Where to The Backroom, adjacent to Moody’s Delicatessen & Provisions.
What for Cured meats, bold wines, and rollicking good cheer on Waltham’s Moody Street.
The scene One drink away from frisky. Radiant couples flirt at the bar. Chef Joshua Smith, dapper in chef’s whites, fist-bumps friends. A bartender caresses a bottle of amber liquid like a prized guitar. Groups order cocktails — quickly followed by bottles of wine. Hunks of salami dangle from the ceiling, quivering a little as Snoop Dogg’s “Gin and Juice” throbs. Two men who resemble handsomer versions of the Muppets’ Statler and Waldorf settle onto barstools and begin a boisterous running commentary.
What you’re eating Food that would make any self-respecting cardiologist weep. Smith runs New England Charcuterie, and his deli next door made its name with husky, rich sandwiches like sous-vide pork belly and slow-roasted beef. This menu is bigger and richer still. There are the requisite charcuterie ($28) and cheese boards ($18). There are also $15 flatbreads topped with shrimp, chorizo, and saffron aioli; genoa, Parmesan, and pickled pepper; or pastrami, Swiss, and sauerkraut. Pasta is drenched in silky Mornay sauce ($12) or served with foraged mushrooms ($14). A waitress recommends hulking meatballs or bourbon-bathed pork belly (both $14), whose consumption is the next best thing to mainlining maple syrup. A $68 wood-grilled cowboy steak with grilled asparagus and bearnaise is an expense-account fantasy. Kids can get grilled cheeses or hot dogs.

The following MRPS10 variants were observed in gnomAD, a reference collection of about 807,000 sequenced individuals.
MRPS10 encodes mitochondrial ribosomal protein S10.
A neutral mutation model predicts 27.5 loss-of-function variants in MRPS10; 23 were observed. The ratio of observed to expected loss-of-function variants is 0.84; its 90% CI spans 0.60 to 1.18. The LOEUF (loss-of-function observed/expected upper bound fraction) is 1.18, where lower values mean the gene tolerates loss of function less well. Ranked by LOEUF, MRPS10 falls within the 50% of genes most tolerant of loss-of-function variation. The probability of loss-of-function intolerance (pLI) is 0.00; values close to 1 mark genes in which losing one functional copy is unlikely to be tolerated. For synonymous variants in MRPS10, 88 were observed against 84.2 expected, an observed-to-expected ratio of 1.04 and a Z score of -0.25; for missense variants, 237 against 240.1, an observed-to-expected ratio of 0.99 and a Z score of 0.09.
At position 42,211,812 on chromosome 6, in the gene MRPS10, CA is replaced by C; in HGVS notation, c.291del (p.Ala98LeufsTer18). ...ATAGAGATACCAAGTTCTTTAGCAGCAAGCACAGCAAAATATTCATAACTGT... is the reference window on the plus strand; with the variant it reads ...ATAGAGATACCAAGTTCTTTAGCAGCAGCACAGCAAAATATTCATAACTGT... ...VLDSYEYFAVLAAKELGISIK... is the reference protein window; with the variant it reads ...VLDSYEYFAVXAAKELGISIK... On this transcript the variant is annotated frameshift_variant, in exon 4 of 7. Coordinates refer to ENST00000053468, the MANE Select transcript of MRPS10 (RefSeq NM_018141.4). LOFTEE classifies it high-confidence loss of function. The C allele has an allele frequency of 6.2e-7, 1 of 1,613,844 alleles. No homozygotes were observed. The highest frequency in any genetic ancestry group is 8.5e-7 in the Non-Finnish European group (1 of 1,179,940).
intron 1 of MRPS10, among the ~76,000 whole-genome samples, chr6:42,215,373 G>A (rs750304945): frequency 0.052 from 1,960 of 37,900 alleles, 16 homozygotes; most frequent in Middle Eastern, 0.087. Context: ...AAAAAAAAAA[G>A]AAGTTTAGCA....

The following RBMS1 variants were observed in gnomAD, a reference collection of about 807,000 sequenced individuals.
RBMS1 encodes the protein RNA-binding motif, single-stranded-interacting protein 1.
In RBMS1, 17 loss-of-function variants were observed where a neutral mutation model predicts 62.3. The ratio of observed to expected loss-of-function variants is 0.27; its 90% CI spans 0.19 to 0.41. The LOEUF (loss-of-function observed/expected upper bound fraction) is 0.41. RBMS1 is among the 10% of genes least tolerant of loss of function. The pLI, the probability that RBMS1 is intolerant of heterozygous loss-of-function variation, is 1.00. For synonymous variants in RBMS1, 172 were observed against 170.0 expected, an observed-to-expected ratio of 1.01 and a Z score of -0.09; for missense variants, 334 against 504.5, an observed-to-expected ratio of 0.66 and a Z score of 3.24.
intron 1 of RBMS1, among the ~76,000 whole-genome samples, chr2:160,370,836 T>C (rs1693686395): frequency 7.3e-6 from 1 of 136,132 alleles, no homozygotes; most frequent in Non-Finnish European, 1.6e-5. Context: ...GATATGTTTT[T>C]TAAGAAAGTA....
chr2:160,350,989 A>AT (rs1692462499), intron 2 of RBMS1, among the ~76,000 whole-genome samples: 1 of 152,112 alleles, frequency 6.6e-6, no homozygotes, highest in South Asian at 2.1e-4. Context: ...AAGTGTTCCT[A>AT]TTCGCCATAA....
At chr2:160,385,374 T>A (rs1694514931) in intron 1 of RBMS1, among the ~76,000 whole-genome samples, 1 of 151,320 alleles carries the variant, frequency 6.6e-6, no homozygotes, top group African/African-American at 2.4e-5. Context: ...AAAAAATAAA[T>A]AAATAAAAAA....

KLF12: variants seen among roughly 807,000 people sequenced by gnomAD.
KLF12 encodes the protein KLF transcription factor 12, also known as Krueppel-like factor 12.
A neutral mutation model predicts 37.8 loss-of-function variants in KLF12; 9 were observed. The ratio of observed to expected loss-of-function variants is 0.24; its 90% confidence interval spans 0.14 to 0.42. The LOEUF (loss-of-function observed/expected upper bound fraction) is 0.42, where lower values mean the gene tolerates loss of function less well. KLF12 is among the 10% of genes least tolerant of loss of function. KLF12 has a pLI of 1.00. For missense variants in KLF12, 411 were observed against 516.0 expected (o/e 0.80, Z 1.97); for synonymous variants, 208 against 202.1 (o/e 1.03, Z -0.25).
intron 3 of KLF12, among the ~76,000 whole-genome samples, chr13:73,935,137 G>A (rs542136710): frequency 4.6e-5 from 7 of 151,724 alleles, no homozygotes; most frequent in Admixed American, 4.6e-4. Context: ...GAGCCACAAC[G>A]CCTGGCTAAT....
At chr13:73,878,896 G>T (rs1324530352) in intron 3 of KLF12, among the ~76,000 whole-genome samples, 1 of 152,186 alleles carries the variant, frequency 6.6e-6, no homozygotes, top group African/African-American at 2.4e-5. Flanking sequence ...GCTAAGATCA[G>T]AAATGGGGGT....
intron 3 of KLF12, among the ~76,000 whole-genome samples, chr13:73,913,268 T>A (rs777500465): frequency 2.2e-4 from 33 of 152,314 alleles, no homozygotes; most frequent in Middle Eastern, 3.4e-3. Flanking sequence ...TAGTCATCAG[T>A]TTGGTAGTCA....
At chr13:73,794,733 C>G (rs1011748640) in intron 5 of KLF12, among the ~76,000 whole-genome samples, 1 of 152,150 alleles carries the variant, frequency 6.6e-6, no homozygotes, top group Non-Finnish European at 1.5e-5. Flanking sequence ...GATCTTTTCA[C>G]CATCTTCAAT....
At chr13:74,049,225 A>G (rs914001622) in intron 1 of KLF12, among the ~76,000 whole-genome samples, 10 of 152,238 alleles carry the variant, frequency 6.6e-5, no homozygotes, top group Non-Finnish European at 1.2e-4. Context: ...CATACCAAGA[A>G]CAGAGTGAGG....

Care for a drink? A “Holy Grail” wine section spotlights rare offerings; another section highlights “Interesting Reds.” By the glass, many wines come in three sizes: 1.5-ounce samples, three ounces 3-ounce half glass, or 6-ounce glasses. Cocktails ($12-$13) favor bourbon, and there’s a concise beer list that spotlights Brooklyn, N.Y.’s Sixpoint Brewery. The bar area has hooks for purses, which makes it easy to linger — and people do.
Overheard Gluttonous glee and suave come-ons. “I just want bearnaise sauce! No asparagus!” squeals a many-scarved woman, who then caresses the walls and coos. “Is this charcuterie on the house?” booms a man, reaching for a meaty platter and laughing at the thought. “I must be a dying breed,” says a dignified fellow in a blazer, draining a drink and ogling a date. “I still get my news from the radio.” “Who wants some d-e-s-s-e-r-t?” spells a waitress to a table with a child. The parents smile appreciatively. “I used to be a nanny,” she explains.
Written by Kara Baskin / Globe Correspondent / See Article Here
Photo by Dina Rudick / Globe Staff